Early reports show that money market mutual funds continued gradually reducing their European exposure overall in December, and their unsecured exposure to any peripheral European and French banks is now virtually zero. Deutsche Bank's William Prophet wrote a piece entitled, "Springtime in January," earlier this week analyzing December 31 holdings of the largest money funds, and J.P. Morgan Securities' Alex Roever released his latest look at holdings late yesterday. Both show that any direct danger from European holdings to money market funds is largely passed, though we may wait another month to sound the all clear. We excerpt from these below. (Note that Crane Data's December 31 Money Fund Portfolio Holdings dataset will be released to Money Fund Wisdom subscribers tomorrow a.m.)

DB's Prophet writes, "The monthly data on U.S. money funds is finally a source of good news -- or at least it's not bad. In short, lending to Europe has stabilized. The levels are now only about half of what they were six months ago. But for the past two months now lending to European banks by the U.S. money fund industry has been flat. We show a brief history of European bank CD holdings among six of the largest funds in the industry.... Notice how lending actually went up in November and declined only marginally last month."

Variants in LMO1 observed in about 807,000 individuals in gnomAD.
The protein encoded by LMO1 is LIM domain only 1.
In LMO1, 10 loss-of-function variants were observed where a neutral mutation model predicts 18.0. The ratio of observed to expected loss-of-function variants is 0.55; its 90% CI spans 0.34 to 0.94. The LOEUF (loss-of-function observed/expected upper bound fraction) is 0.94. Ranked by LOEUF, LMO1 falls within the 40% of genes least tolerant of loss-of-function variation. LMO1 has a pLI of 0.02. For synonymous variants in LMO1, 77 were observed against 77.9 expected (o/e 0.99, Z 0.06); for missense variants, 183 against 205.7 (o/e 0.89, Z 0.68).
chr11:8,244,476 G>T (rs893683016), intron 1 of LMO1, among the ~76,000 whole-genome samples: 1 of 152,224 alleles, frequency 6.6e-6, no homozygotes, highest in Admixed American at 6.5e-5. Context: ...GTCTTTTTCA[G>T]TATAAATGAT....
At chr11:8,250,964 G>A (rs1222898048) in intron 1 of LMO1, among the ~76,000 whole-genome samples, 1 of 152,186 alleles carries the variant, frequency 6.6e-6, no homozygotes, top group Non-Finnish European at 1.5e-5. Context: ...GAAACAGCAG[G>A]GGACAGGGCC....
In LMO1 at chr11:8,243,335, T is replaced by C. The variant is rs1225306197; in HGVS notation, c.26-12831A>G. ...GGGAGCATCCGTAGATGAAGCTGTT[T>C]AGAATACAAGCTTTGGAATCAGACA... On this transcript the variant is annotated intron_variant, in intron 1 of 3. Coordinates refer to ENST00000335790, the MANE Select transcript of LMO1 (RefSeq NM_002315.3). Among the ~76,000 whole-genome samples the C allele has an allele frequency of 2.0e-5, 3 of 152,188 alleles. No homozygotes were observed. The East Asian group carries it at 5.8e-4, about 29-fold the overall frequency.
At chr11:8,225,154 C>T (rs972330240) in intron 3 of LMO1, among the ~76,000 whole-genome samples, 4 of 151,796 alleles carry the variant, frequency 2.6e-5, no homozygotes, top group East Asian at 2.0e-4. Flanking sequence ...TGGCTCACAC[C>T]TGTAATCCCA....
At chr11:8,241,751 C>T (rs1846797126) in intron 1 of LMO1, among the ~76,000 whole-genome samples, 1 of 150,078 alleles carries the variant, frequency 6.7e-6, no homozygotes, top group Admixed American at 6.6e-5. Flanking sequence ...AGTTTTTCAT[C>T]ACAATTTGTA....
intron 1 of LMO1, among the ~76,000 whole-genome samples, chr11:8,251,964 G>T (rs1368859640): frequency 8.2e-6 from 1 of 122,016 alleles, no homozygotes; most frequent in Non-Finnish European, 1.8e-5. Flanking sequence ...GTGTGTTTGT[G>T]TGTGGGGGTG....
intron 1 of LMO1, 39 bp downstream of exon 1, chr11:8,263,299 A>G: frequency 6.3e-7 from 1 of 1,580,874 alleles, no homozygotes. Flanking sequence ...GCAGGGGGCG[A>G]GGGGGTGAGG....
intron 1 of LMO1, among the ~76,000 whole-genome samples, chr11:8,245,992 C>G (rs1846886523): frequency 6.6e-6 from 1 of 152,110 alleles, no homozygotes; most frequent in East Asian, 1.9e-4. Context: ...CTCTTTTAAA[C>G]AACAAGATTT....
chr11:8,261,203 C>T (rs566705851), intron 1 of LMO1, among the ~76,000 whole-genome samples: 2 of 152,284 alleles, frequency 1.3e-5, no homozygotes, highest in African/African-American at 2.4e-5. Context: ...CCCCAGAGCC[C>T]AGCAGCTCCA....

He explains, "This stabilization is mostly just a by-product of some big shifts in geographic exposure however. We detail the regional breakdown of the aforementioned CD holdings.... As the picture suggests, French banks in particular have been responsible for most of the big changes.... Or more specifically; between May and December there was a $98bn decline in European bank CD holdings among U.S. money funds and French banks were responsible for over 60% of that. The good news is that this simply can't go on any longer."